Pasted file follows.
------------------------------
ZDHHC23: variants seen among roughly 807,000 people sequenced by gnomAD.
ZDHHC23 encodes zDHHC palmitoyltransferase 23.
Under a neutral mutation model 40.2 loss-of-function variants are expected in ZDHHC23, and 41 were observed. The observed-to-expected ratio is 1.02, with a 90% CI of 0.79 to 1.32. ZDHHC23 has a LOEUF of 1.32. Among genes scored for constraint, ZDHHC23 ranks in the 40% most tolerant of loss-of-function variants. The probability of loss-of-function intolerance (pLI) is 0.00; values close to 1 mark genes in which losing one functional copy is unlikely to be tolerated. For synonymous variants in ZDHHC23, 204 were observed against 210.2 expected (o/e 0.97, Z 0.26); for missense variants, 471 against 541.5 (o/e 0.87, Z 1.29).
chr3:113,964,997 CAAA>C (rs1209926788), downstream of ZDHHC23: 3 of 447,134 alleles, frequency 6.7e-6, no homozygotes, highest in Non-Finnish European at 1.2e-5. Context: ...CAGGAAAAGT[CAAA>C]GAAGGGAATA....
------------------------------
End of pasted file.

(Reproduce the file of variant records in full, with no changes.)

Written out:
ZDHHC23: variants seen among roughly 807,000 people sequenced by gnomAD.
ZDHHC23 encodes zDHHC palmitoyltransferase 23.
Under a neutral mutation model 40.2 loss-of-function variants are expected in ZDHHC23, and 41 were observed. The observed-to-expected ratio is 1.02, with a 90% CI of 0.79 to 1.32. ZDHHC23 has a LOEUF of 1.32. Among genes scored for constraint, ZDHHC23 ranks in the 40% most tolerant of loss-of-function variants. The probability of loss-of-function intolerance (pLI) is 0.00; values close to 1 mark genes in which losing one functional copy is unlikely to be tolerated. For synonymous variants in ZDHHC23, 204 were observed against 210.2 expected (o/e 0.97, Z 0.26); for missense variants, 471 against 541.5 (o/e 0.87, Z 1.29).
chr3:113,964,997 CAAA>C (rs1209926788), downstream of ZDHHC23: 3 of 447,134 alleles, frequency 6.7e-6, no homozygotes, highest in Non-Finnish European at 1.2e-5. Context: ...CAGGAAAAGT[CAAA>C]GAAGGGAATA....